The Dalai Lama and Feudal Theocracy in Tibet

3 responses to “The Dalai Lama and Feudal Theocracy in Tibet

  • Thomas Canada

    Dalai Lama’s quiet White House exit foiled

    Feb. 19: Attempting to keep his visit from being too public, the Dalai Lama left through a seldom-used door where they pick up the trash. NBC’s Brian Williams reports.

  • Thomas Canada

    Of all the photos that NBC could show on National Nightly News. Williams chose to pan for a full 45 seconds more or less on the Dalia Lama exiting the White House through a trash laden back door says tons of stuff as far as I am concerned. We are getting the message across to the powers that be that this lama is a bunch of hooey!

  • Thomas Canada

    The Dalai Lama group published an article, China’s Claim that ‘Old Tibet’ was a Feudal Serfdom is Fiction, on Jan. 4, 2010. The article claimed that before 1949, “Tibet was neither an ideal society nor a feudal serf system”, describing old Tibet as a beggar-free rule-of-law society without famine in which tenants were wealthy and the economy was self-sufficient. The article claimed that, compared with China at the same time — and even China of today — Tibet was a “far more civil society”.

    It has been unprecedented for the Dalai Lama group to ignore the historical facts and to openly hail its feudal serfdom past which was similar to Europe’s Dark Ages. Such an audacious move was also thought-provoking.

    I. It was the consensus of the international community that old Tibet was ruled by the theocracy implementing feudal serfdom.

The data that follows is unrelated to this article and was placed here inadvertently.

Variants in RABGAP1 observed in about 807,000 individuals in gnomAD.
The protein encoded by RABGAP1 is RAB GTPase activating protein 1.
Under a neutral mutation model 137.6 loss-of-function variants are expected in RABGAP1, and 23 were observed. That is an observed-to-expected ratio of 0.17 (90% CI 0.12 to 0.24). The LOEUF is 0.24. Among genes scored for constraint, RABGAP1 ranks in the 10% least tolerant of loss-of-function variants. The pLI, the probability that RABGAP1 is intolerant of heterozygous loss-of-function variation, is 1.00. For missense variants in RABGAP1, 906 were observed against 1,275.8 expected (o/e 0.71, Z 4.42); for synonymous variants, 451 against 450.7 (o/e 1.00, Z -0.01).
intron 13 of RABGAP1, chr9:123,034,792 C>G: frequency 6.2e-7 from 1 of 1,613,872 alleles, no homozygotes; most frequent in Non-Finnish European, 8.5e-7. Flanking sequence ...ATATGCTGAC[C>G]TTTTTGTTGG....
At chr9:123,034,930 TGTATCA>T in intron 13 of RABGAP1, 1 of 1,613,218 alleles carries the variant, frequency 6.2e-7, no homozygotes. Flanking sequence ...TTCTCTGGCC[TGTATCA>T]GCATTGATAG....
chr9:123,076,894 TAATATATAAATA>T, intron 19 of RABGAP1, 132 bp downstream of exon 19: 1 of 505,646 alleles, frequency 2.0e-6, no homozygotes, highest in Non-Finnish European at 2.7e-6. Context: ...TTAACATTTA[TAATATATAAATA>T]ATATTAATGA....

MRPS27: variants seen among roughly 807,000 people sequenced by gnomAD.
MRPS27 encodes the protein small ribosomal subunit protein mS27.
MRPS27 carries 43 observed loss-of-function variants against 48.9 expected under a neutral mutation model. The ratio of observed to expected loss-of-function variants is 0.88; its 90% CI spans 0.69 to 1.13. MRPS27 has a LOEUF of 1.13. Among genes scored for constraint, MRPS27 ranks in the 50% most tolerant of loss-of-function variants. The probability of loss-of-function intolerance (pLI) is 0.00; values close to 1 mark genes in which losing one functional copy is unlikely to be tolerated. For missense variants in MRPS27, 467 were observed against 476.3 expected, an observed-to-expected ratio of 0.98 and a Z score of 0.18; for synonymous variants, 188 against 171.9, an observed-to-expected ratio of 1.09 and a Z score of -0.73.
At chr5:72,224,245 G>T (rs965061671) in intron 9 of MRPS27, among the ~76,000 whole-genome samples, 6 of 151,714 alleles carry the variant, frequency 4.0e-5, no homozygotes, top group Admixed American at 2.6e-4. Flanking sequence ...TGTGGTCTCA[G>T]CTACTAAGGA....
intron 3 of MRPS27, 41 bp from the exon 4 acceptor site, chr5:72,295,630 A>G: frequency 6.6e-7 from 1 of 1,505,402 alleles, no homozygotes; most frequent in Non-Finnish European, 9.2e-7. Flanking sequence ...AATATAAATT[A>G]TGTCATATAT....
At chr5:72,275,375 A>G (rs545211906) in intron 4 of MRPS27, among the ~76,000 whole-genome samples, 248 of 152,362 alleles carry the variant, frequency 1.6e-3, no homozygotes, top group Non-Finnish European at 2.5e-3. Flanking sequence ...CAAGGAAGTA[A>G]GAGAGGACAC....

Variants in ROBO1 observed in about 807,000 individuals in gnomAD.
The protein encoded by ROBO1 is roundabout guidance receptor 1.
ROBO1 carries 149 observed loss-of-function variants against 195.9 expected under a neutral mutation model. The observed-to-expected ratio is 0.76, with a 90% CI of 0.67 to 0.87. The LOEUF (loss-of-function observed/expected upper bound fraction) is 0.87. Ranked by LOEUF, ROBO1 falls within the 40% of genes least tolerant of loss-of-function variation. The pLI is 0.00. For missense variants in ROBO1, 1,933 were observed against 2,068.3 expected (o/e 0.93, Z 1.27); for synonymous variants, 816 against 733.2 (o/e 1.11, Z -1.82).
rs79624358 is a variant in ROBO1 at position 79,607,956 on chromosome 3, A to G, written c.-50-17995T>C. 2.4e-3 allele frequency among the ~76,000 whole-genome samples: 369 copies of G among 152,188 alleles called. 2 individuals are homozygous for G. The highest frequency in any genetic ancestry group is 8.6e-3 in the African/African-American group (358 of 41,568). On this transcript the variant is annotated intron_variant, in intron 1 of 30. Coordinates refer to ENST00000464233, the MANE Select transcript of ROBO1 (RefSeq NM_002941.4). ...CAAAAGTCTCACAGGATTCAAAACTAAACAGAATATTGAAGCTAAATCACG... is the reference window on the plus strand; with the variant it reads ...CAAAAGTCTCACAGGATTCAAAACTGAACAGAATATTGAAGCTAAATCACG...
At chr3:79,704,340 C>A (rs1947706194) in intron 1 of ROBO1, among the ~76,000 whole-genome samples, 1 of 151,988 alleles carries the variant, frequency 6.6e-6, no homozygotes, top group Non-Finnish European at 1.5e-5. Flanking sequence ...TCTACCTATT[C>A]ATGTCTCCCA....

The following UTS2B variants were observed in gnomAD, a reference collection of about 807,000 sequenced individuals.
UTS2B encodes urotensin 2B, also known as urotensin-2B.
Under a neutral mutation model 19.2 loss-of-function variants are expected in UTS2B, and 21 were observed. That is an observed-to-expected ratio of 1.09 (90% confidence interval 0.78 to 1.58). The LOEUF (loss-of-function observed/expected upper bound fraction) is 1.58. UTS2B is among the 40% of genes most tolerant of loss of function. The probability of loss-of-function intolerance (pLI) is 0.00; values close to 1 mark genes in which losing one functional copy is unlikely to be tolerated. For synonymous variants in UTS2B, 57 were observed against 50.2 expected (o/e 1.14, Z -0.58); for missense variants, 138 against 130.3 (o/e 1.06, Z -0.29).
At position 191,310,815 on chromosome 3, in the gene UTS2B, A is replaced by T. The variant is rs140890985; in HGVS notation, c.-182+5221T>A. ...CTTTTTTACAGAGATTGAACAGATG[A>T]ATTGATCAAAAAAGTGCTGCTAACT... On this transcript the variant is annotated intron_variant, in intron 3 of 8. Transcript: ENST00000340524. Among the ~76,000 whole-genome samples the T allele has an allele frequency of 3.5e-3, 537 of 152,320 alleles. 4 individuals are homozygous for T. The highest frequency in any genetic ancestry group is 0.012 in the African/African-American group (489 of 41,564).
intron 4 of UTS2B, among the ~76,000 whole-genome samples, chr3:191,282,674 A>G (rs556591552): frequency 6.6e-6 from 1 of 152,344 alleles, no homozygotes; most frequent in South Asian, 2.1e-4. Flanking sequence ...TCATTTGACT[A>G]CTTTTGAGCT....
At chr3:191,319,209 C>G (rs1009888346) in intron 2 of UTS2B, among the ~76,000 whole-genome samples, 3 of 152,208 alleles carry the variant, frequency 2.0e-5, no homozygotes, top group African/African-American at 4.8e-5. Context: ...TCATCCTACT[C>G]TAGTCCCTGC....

Whether or not Tibet before 1959 was ruled with a feudal serfdom system by the theocracy should not to decided by those speaking on behalf of the interests of serf-owners. Chinese and foreign historical archives, as well as research by professional scholars, is what is most persuasive.


    Many Tibetan language archives have records that prove the existence of serfdom in old Tibet.

    A permanent residency license issued to local serfs and administered by the Common Assembly(Bla-spyi) of Drepung Monastery in Lhasa, which is held by the Tibet Historical Archives Anthology, said:

    “All male and female slaves, land, and meadows donated by serfs belong to the monastery’s Losel-ling College. In addition, serfs are not allowed to lease their land to others before reporting it to the college, and slaves are not allowed to escape. Serfs are not allowed to marry those administered by other monasteries for fear of serf loss, and they should behave themselves and pay their corvee taxes to the monastery on time.”

    This archive proves the following facts: Firstly, the license issued by the Drepung Monastery openly admitted that serfs existed in old Tibet and slaves in monasteries were property and did not have any individual freedoms.

    Secondly, serfs were confined within the monastery’s territory and were not allowed to move out.

    Thirdly, serfs did not have the marriage freedom.

    Finally, serfs were merely talking tools that would only pay corvee taxes to the monastery.


    There were also records on Tibet’s social system in Chinese writings from the late Qing Dynasty (1644-1912) to 1949. They showed objectively the basic features of a feudal serfdom society.

    For instance, when author and scholar Chen Jianfu talked about “classes among Tibetan people” in his book “Tibetan Issues,” published in 1937, he said: “Noble families extend their control over most parts of Tibet. They have the money and power, and rule the land hand in hand with the monasteries. They act like an exclusive class. … The nobles are cruel to their tenants, who constantly suffer from beatings that leave them covered with cuts and bruises and afraid to revolt.” Moreover, “tenants have no freedom as they are restrained by their landlords.”